June 2016 Newsletter

In this Clergy Letter Project update, you’ll find the following five items:

  1. The Clergy Letter Project Condemns Homophobia;
  2. Astrobiology News for June 2016: Our Magnetic Sun;
  3. The Cubit: A New Website Focusing on Science and Religion;
  4. Standing for the Future: Michael Dowd’s New Project; and
  5. Evolution Weekend 2017.

1.  The Clergy Letter Project Condemns Homophobia

Members of The Clergy Letter Project have come together to foster better understanding between religion and science. Members understand that to do that well means that meaningful dialogue has to be increased and respect for differences in opinion has to be enhanced. There are times when events in the world gain our attention and require our action, even though they impinge only tangentially, if at all, on the intersection of religion and science. When those events reflect a blatant disregard for human civility and respect, I’m proud to say that The Clergy Letter Project has taken a stand.

In a recent essay I published in the Huffington Post, I explained how The Clergy Letter Project has condemned homophobia. This stance mirrors the one we took in December when The Clergy Letter Project condemned Islamophobia. I encourage you to share the latest essay in an attempt to demonstrate our support for our fellow human beings and to demonstrate that a small number of clergy members with hate in their hearts do not speak for the majority of clergy around the globe.


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2.  Astrobiology News for June 2016: Our Magnetic Sun

In this month’s Astrobiology News, Clergy Letter Project consultant and Adler Planetarium astronomer Grace Wolf-Chase shares a great deal of fascinating information about the nature of our Sun.

When we think about the Sun’s role in nurturing life on Earth, we naturally tend to focus on the Sun’s light and heat. After all, both are critical to Earth’s biosphere; however, the Sun has a less less obvious attribute that nevertheless has a huge impact on the development and sustainment of life on Earth – its complex and ever-changing magnetic field. The Sun is a huge ball of plasma. No, I’m not talking about that stuff in your blood, but rather the fact that gas in the Sun is ionized, such that negatively-charged electrons and positively-charged atomic nuclei move about, creating magnetic fields that in turn affect how the charged particles move. The Sun’s magnetic field produces explosions of charged particles from the Sun that cause “space weather,” resulting in beautiful aurorae, as well as the occasional disruption of satellite communications and radiation potentially harmful to astronauts.

About 4 billion years ago, the Sun was dimmer than it is today and the Earth received only about 70% of the energy it does presently - the Earth should have been covered in ice, but geologic evidence indicates it was warm with liquid water. This is known as the Faint Young Sun Paradox. Although we can’t travel back in time to study our young sun, we have access to a plethora of stars in our galaxy that are similar to our Sun and in different stages of evolution. We can study these stars to piece together a picture of our own Sun’s history.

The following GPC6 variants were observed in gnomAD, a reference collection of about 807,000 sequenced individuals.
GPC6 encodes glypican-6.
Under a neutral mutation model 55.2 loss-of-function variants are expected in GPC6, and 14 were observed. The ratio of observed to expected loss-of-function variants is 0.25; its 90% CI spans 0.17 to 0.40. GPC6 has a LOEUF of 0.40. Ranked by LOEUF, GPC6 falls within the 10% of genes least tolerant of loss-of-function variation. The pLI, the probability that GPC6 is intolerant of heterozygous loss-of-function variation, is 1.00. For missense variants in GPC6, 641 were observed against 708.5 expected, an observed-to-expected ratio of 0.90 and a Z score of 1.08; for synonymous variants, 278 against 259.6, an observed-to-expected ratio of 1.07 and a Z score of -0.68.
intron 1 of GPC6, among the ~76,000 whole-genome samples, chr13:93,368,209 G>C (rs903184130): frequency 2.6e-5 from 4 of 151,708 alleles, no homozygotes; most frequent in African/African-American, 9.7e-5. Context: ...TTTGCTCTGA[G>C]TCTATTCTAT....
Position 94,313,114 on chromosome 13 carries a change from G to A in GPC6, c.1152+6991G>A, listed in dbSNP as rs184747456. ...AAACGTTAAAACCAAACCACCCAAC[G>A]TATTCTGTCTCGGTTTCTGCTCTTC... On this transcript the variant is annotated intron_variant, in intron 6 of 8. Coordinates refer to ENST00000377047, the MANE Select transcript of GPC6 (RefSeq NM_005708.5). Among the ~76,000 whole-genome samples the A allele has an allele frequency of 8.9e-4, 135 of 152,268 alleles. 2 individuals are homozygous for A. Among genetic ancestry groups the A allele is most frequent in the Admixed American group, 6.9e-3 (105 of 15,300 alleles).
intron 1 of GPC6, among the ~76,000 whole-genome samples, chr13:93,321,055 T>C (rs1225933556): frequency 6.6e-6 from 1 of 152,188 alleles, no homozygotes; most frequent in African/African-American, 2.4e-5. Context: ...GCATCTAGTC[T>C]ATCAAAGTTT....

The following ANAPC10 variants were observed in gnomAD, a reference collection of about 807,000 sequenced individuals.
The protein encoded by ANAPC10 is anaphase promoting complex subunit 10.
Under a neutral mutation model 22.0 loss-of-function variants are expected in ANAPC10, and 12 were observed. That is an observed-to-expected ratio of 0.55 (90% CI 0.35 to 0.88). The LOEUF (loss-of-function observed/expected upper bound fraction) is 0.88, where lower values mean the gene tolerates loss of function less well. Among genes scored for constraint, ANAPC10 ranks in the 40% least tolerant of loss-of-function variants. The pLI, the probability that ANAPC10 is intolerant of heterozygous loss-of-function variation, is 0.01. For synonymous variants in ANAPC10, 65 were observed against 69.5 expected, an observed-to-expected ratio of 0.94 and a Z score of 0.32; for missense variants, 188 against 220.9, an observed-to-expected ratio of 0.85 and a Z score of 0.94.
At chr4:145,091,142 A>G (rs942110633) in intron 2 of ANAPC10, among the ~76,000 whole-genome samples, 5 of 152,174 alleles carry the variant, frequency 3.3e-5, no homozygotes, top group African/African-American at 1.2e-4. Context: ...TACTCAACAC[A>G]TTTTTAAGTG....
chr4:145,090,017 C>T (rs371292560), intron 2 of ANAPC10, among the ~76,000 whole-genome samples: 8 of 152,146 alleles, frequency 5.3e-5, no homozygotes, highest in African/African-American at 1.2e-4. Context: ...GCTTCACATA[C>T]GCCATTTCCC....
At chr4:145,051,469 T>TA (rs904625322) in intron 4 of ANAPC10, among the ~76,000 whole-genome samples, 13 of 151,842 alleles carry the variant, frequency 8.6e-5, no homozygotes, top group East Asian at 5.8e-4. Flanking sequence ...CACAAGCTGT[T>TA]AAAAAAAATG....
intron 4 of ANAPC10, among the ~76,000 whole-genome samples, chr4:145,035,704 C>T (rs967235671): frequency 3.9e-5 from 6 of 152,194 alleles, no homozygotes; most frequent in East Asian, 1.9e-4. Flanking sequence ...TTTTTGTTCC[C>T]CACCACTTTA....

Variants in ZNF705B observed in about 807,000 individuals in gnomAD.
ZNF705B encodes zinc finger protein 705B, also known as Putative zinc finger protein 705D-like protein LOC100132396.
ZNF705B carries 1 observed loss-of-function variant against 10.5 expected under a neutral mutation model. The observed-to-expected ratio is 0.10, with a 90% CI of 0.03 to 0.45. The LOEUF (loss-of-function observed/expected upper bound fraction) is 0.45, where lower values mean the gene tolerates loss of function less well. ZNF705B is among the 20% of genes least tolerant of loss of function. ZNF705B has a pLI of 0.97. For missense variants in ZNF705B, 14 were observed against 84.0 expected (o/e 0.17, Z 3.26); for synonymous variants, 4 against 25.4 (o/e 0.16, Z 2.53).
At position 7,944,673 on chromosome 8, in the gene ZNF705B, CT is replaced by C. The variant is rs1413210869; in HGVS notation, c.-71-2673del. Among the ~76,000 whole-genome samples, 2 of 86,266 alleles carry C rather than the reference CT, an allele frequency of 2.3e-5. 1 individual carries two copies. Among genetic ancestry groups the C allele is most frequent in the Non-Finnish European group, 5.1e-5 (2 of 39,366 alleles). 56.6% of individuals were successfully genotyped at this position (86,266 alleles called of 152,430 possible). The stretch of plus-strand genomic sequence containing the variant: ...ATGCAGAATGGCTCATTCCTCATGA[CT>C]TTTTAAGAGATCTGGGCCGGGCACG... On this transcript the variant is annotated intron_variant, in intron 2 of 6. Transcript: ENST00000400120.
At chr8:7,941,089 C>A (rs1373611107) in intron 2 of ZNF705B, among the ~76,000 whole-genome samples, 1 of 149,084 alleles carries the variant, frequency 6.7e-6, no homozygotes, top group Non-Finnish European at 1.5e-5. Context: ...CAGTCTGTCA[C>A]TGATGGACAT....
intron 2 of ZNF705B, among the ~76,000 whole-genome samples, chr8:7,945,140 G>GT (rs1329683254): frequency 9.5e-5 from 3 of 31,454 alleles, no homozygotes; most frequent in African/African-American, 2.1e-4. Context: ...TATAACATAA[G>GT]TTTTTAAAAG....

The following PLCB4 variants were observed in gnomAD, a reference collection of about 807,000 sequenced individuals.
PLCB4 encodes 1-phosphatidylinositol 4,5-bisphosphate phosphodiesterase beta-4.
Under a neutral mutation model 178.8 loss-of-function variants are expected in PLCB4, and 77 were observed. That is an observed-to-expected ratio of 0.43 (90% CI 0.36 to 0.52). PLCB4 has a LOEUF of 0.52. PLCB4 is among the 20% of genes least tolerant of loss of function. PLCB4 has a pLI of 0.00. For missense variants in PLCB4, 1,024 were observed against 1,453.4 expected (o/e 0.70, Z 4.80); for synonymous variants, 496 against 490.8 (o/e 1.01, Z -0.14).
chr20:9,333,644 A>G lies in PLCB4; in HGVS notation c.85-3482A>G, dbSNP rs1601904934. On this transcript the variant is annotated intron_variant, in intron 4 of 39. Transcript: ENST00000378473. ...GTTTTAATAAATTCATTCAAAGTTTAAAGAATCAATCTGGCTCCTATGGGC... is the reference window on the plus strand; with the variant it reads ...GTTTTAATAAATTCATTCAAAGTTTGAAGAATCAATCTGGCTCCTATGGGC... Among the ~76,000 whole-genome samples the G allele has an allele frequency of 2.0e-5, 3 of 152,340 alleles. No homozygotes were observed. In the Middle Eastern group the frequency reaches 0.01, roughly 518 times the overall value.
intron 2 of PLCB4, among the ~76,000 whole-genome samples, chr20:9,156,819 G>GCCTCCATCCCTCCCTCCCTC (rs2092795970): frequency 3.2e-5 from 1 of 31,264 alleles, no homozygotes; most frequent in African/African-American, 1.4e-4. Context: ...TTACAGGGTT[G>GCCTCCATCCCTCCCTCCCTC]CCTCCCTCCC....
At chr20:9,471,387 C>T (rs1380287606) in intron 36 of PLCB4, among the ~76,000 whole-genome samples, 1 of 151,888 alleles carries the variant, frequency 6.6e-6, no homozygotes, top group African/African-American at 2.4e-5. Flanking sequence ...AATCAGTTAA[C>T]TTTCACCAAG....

NASA’s Kepler mission, responsible for the detection of thousands of exoplanets orbiting other stars, also yielded observations of many stars resembling our Sun “only” a few million years after its birth. Such young stars frequently produce very powerful flares – bursts of light and radiation. Kepler data showed these stars produce many “superflares,” explosions experienced by our Sun once every 100 years or so, but up to ten times a day for the young stars. Tempestuous solar storms of this magnitude would have compressed the Earth’s own protective magnetic field, allowing energetic charged particles to penetrate Earth’s atmosphere and initiate reactions that warmed the planet. Recent research suggests that such reactions may even have driven the chemistry necessary for life on the young Earth.(1)

Molecular nitrogen makes up about 78% of Earth’s atmosphere today, but it made up about 90% of Earth’s atmosphere 4 billion years ago. Although molecular nitrogen is chemically pretty inert, the research suggests that the young Earth’s bombardment from solar storms may have dissociated nitrogen and carbon dioxide molecules enabling the production of nitrous oxide (“laughing gas”) as well as other molecules such as hydrogen cyanide (HCN). Nitrous oxide is a powerful greenhouse gas - about 300 times more effective at warming the atmosphere than carbon dioxide, and HCN is an important molecule for life – chains of these compounds produce various amino acids.

I’m writing this on the summer solstice (June 20th, this year). Hopefully, many of you are taking advantage of the long hours of sunlight in the northern hemisphere. Here are some “sun fun facts” to share around the pool or at the beach!

(1) The Sun converts 4.5 million tons of mass to energy every second, equivalent to the mass of a million elephants every second (and it still has enough fuel for another 5 billion years).
(2) The Sun’s energy production each second is enough to supply the electrical needs of the USA for 50 million years.
(3) On average, the energy released in a fusion reaction at the Sun’s center takes about 1 million years to reach the Sun’s surface.
(4) Don’t panic but as you read this sentence about a quadrillion (a thousand trillion) solar neutrinos will zip through your body.
(5) The Sun’s outpouring of energy is equivalent to 100 billion hydrogen bombs exploding each second.
(6) An area of the Sun’s surface the size of a postage stamp shines with the power of 1.5 million candles.